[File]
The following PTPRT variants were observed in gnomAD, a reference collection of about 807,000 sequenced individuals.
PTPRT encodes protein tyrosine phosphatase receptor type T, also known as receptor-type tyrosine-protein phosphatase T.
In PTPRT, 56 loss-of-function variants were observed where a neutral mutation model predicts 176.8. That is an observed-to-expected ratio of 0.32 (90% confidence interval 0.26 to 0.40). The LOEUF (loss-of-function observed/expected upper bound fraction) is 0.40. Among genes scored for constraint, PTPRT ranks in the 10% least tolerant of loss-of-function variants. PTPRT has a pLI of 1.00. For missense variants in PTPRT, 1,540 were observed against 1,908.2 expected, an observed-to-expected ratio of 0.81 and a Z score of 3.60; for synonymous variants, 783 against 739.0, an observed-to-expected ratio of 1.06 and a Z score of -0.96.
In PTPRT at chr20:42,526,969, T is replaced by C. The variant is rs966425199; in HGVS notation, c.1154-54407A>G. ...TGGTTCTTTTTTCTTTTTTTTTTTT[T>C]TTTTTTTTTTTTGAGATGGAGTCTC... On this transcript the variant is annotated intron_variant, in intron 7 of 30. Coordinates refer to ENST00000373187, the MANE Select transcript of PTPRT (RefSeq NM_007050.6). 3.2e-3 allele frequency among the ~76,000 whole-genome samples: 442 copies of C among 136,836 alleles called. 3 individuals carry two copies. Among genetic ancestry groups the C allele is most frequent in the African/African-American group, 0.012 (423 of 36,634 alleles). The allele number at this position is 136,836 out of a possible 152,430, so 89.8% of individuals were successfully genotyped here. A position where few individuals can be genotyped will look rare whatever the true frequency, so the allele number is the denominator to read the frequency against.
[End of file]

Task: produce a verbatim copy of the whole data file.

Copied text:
The following PTPRT variants were observed in gnomAD, a reference collection of about 807,000 sequenced individuals.
PTPRT encodes protein tyrosine phosphatase receptor type T, also known as receptor-type tyrosine-protein phosphatase T.
In PTPRT, 56 loss-of-function variants were observed where a neutral mutation model predicts 176.8. That is an observed-to-expected ratio of 0.32 (90% confidence interval 0.26 to 0.40). The LOEUF (loss-of-function observed/expected upper bound fraction) is 0.40. Among genes scored for constraint, PTPRT ranks in the 10% least tolerant of loss-of-function variants. PTPRT has a pLI of 1.00. For missense variants in PTPRT, 1,540 were observed against 1,908.2 expected, an observed-to-expected ratio of 0.81 and a Z score of 3.60; for synonymous variants, 783 against 739.0, an observed-to-expected ratio of 1.06 and a Z score of -0.96.
In PTPRT at chr20:42,526,969, T is replaced by C. The variant is rs966425199; in HGVS notation, c.1154-54407A>G. ...TGGTTCTTTTTTCTTTTTTTTTTTT[T>C]TTTTTTTTTTTTGAGATGGAGTCTC... On this transcript the variant is annotated intron_variant, in intron 7 of 30. Coordinates refer to ENST00000373187, the MANE Select transcript of PTPRT (RefSeq NM_007050.6). 3.2e-3 allele frequency among the ~76,000 whole-genome samples: 442 copies of C among 136,836 alleles called. 3 individuals carry two copies. Among genetic ancestry groups the C allele is most frequent in the African/African-American group, 0.012 (423 of 36,634 alleles). The allele number at this position is 136,836 out of a possible 152,430, so 89.8% of individuals were successfully genotyped here. A position where few individuals can be genotyped will look rare whatever the true frequency, so the allele number is the denominator to read the frequency against.